Brazilian Supreme Court Justice Teori Zavascki was killed in a plane crash on Thursday, raising questions about who will take over his investigation into dozens of politicians in the country's biggest ever corruption scandal.
Rescuers found three bodies in the wreckage of the small, twin-prop plane that crashed off the coast of Rio de Janeiro state amid heavy rains, firefighters said.
Zavascki, 68, had in recent weeks been reviewing explosive testimony from executives at engineering group Odebrecht, expected to implicate hundreds of politicians in a scandal involving kickbacks on contracts at state-run enterprises.
The dual-propeller Hawker Beechcraft C90GT carrying Zavascki left a Sao Paulo airport around 1 pm (1500 GMT). It crashed into the sea about 80 minutes later near its destination in the tourist town of Paraty, according to air force and civil aviation authorities.
The plane belonged to luxury hotel group Emiliano, according to civil aviation authority ANAC. No information was provided on the identity of others killed in the crash.
Condolences poured in from federal prosecutors and senior politicians, including some named in the sweeping graft probe - known as Operation Car Wash - that has shaken Brazil's political establishment over the past three years.
Crusading anti-graft Judge Sergio Moro, who has spearheaded the graft investigation at the grassroots level for nearly three years, said in an emailed statement that he "was stunned" by Zavascki's death, whom he called a "Brazilian hero."
"Without him, there would be no Operation Car Wash," Moro wrote. "I hope that his legacy, of serenity, seriousness and firmness in enforcing the law, regardless of the interests of those involved, even the powerful, will not be forgotten.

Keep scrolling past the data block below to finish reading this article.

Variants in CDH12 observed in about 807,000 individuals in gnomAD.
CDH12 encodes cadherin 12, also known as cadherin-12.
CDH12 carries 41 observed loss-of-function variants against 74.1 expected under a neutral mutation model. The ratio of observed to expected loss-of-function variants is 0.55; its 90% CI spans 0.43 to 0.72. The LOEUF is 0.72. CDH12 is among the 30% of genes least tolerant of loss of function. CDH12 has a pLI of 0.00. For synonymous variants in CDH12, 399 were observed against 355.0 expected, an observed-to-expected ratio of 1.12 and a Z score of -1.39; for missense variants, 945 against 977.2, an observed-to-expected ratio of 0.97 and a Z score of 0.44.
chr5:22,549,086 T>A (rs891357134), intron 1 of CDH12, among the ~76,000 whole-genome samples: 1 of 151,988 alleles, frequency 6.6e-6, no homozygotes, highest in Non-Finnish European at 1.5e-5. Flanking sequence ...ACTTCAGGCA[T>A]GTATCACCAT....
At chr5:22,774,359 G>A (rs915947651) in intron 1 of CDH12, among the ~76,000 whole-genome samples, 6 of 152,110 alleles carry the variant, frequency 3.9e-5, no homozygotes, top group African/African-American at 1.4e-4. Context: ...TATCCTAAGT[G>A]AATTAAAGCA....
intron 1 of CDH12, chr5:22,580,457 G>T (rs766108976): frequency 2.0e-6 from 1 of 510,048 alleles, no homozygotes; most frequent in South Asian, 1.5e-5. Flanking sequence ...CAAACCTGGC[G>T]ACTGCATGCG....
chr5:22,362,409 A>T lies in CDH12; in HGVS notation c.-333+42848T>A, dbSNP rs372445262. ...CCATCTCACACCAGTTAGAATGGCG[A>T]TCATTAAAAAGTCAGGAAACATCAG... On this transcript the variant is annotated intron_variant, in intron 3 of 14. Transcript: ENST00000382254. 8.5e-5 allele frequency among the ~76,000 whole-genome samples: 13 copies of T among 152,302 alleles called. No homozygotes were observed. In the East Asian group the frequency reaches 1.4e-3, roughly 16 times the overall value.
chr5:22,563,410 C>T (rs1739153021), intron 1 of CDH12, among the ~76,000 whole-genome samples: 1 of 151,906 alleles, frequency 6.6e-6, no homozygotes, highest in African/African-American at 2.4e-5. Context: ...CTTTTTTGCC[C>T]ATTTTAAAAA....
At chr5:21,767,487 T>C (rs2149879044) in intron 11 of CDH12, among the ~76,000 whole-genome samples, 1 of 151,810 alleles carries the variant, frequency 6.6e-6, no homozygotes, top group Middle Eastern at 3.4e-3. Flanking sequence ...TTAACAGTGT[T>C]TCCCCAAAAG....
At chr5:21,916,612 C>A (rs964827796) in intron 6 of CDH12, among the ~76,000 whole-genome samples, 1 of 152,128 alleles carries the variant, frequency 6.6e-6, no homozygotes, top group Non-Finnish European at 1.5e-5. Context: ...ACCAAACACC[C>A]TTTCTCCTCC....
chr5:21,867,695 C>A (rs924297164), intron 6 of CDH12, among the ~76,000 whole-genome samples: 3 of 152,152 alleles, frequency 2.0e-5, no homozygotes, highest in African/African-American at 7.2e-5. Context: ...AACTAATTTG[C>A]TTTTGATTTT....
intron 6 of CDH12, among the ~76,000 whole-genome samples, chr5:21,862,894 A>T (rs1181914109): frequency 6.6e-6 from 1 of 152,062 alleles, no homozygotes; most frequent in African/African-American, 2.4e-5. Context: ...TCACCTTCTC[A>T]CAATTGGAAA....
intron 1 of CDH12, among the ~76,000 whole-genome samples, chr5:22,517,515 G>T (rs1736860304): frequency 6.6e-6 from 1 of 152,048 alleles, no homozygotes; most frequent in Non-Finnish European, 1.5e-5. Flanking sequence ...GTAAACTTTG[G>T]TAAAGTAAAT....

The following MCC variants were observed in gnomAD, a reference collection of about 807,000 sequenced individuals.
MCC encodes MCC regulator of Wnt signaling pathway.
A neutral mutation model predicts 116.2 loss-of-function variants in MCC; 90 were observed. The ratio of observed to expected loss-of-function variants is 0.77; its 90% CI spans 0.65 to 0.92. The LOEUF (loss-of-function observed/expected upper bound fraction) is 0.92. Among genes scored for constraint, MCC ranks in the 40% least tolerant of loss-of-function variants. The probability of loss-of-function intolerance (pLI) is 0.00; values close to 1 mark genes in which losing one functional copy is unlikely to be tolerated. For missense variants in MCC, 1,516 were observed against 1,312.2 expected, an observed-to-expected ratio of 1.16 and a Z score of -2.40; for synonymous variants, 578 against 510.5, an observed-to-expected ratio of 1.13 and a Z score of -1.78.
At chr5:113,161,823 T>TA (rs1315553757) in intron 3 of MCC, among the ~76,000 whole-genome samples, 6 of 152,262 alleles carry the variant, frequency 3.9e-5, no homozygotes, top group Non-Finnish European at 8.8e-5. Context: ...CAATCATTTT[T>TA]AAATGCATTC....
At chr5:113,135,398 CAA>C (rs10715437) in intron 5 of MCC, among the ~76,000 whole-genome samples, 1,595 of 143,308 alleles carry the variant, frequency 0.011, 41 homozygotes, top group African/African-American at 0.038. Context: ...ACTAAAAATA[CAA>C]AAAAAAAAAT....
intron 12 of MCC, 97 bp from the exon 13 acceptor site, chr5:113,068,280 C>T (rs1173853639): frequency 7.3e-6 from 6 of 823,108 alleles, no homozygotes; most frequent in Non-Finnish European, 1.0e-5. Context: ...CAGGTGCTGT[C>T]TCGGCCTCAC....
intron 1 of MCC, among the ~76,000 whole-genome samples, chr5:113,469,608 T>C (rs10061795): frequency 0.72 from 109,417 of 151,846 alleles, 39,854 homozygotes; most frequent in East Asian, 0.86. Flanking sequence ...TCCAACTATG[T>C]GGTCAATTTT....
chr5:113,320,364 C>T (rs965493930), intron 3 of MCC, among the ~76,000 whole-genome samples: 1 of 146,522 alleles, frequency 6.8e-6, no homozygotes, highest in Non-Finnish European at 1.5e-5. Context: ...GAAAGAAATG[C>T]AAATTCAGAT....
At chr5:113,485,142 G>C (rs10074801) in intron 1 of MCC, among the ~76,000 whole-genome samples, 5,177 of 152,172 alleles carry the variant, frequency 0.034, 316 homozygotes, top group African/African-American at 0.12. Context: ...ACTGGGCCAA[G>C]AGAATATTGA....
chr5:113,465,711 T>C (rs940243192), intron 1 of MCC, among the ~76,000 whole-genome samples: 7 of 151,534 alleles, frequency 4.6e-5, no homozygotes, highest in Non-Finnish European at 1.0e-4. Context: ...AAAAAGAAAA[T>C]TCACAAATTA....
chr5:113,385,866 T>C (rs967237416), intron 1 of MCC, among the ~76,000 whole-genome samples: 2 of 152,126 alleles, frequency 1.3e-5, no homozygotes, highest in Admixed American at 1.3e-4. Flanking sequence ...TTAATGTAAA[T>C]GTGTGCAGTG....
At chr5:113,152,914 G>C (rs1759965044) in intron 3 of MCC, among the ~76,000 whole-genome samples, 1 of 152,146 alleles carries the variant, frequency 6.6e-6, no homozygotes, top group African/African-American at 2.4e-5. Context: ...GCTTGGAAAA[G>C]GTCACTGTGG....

The investigation, involving at least 6.4 billion reais ($2.0 billion) in bribes for contracts with state-run enterprises, has led to the jailing of dozens of senior executives and threatens to batter the ruling coalition of President Michel Temer.
Under Supreme Court rules, Zavascki's case load would normally fall to the justice named by Temer to replace him, but an exception can be made for urgent matters, according to a court representative.
Carlos Pereira, a professor of public administration at the Getulio Vargas Foundation in Rio de Janeiro and a leading expert on corruption, said Zavascki's death was a serious blow but he was confident it would not derail the graft investigation.
"The death of Teori is unquestionably a stress test for Brazilian institutions, but there is no question that President Temer will be under tremendous pressure to nominate a replacement who has absolutely no hint of wanting to slow or halt the Car Wash investigation," Pereira said.
Pereira said that close attention from judges, prosecutors, police and Brazilian civil society would safeguard the case.
"If there is any sign that anyone would use Teori's death in an opportunistic manner to put up obstacles ... I have no doubt they will be severely punished by many sectors of society," Pereira said.